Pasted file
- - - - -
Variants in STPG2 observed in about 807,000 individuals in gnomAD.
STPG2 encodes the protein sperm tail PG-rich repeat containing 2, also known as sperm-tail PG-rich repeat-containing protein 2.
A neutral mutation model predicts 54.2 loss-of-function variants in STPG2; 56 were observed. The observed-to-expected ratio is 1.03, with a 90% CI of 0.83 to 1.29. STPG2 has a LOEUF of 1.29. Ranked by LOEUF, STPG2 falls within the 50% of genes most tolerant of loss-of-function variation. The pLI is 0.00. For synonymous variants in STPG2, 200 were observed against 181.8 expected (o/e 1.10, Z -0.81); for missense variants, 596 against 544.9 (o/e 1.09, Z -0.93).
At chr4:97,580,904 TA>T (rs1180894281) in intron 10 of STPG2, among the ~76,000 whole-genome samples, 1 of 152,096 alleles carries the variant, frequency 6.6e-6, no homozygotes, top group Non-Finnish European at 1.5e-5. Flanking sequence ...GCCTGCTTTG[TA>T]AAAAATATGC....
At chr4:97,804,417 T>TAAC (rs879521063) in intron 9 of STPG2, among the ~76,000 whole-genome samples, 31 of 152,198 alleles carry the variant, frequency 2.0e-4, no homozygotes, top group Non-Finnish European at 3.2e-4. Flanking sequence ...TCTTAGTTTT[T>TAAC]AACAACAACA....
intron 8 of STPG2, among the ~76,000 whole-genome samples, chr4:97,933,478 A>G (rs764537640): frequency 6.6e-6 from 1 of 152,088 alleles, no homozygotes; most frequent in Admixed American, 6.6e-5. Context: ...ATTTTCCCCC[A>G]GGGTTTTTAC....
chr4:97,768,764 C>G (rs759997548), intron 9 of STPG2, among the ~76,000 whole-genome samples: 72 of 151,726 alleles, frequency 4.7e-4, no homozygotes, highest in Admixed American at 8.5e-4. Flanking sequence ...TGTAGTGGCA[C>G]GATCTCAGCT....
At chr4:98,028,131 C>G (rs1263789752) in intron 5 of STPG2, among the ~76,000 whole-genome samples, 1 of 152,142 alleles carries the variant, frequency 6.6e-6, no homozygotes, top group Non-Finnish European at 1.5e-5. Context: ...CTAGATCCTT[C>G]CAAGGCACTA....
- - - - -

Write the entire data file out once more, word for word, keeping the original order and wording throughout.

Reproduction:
Variants in STPG2 observed in about 807,000 individuals in gnomAD.
STPG2 encodes the protein sperm tail PG-rich repeat containing 2, also known as sperm-tail PG-rich repeat-containing protein 2.
A neutral mutation model predicts 54.2 loss-of-function variants in STPG2; 56 were observed. The observed-to-expected ratio is 1.03, with a 90% CI of 0.83 to 1.29. STPG2 has a LOEUF of 1.29. Ranked by LOEUF, STPG2 falls within the 50% of genes most tolerant of loss-of-function variation. The pLI is 0.00. For synonymous variants in STPG2, 200 were observed against 181.8 expected (o/e 1.10, Z -0.81); for missense variants, 596 against 544.9 (o/e 1.09, Z -0.93).
At chr4:97,580,904 TA>T (rs1180894281) in intron 10 of STPG2, among the ~76,000 whole-genome samples, 1 of 152,096 alleles carries the variant, frequency 6.6e-6, no homozygotes, top group Non-Finnish European at 1.5e-5. Flanking sequence ...GCCTGCTTTG[TA>T]AAAAATATGC....
At chr4:97,804,417 T>TAAC (rs879521063) in intron 9 of STPG2, among the ~76,000 whole-genome samples, 31 of 152,198 alleles carry the variant, frequency 2.0e-4, no homozygotes, top group Non-Finnish European at 3.2e-4. Flanking sequence ...TCTTAGTTTT[T>TAAC]AACAACAACA....
intron 8 of STPG2, among the ~76,000 whole-genome samples, chr4:97,933,478 A>G (rs764537640): frequency 6.6e-6 from 1 of 152,088 alleles, no homozygotes; most frequent in Admixed American, 6.6e-5. Context: ...ATTTTCCCCC[A>G]GGGTTTTTAC....
chr4:97,768,764 C>G (rs759997548), intron 9 of STPG2, among the ~76,000 whole-genome samples: 72 of 151,726 alleles, frequency 4.7e-4, no homozygotes, highest in Admixed American at 8.5e-4. Flanking sequence ...TGTAGTGGCA[C>G]GATCTCAGCT....
At chr4:98,028,131 C>G (rs1263789752) in intron 5 of STPG2, among the ~76,000 whole-genome samples, 1 of 152,142 alleles carries the variant, frequency 6.6e-6, no homozygotes, top group Non-Finnish European at 1.5e-5. Context: ...CTAGATCCTT[C>G]CAAGGCACTA....